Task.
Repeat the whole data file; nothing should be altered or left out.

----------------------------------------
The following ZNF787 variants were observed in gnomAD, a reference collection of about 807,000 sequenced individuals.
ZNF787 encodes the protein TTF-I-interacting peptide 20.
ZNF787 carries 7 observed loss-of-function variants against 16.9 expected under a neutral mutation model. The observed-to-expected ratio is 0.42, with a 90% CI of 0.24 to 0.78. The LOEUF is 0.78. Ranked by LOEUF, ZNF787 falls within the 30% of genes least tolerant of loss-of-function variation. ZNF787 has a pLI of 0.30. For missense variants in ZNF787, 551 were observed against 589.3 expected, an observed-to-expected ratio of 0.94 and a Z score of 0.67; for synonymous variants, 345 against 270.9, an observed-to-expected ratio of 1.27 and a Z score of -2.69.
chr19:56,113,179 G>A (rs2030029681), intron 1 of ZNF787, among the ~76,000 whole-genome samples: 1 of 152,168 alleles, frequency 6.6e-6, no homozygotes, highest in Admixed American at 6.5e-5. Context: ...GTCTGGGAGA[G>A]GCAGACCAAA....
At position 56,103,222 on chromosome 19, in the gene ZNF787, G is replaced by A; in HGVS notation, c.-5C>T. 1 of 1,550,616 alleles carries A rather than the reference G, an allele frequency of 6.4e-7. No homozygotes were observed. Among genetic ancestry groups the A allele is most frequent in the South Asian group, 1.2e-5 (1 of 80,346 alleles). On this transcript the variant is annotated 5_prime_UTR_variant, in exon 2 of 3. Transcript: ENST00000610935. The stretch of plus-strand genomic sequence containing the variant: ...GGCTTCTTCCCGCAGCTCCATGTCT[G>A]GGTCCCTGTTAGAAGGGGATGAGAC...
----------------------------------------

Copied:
The following ZNF787 variants were observed in gnomAD, a reference collection of about 807,000 sequenced individuals.
ZNF787 encodes the protein TTF-I-interacting peptide 20.
ZNF787 carries 7 observed loss-of-function variants against 16.9 expected under a neutral mutation model. The observed-to-expected ratio is 0.42, with a 90% CI of 0.24 to 0.78. The LOEUF is 0.78. Ranked by LOEUF, ZNF787 falls within the 30% of genes least tolerant of loss-of-function variation. ZNF787 has a pLI of 0.30. For missense variants in ZNF787, 551 were observed against 589.3 expected, an observed-to-expected ratio of 0.94 and a Z score of 0.67; for synonymous variants, 345 against 270.9, an observed-to-expected ratio of 1.27 and a Z score of -2.69.
chr19:56,113,179 G>A (rs2030029681), intron 1 of ZNF787, among the ~76,000 whole-genome samples: 1 of 152,168 alleles, frequency 6.6e-6, no homozygotes, highest in Admixed American at 6.5e-5. Context: ...GTCTGGGAGA[G>A]GCAGACCAAA....
At position 56,103,222 on chromosome 19, in the gene ZNF787, G is replaced by A; in HGVS notation, c.-5C>T. 1 of 1,550,616 alleles carries A rather than the reference G, an allele frequency of 6.4e-7. No homozygotes were observed. Among genetic ancestry groups the A allele is most frequent in the South Asian group, 1.2e-5 (1 of 80,346 alleles). On this transcript the variant is annotated 5_prime_UTR_variant, in exon 2 of 3. Transcript: ENST00000610935. The stretch of plus-strand genomic sequence containing the variant: ...GGCTTCTTCCCGCAGCTCCATGTCT[G>A]GGTCCCTGTTAGAAGGGGATGAGAC...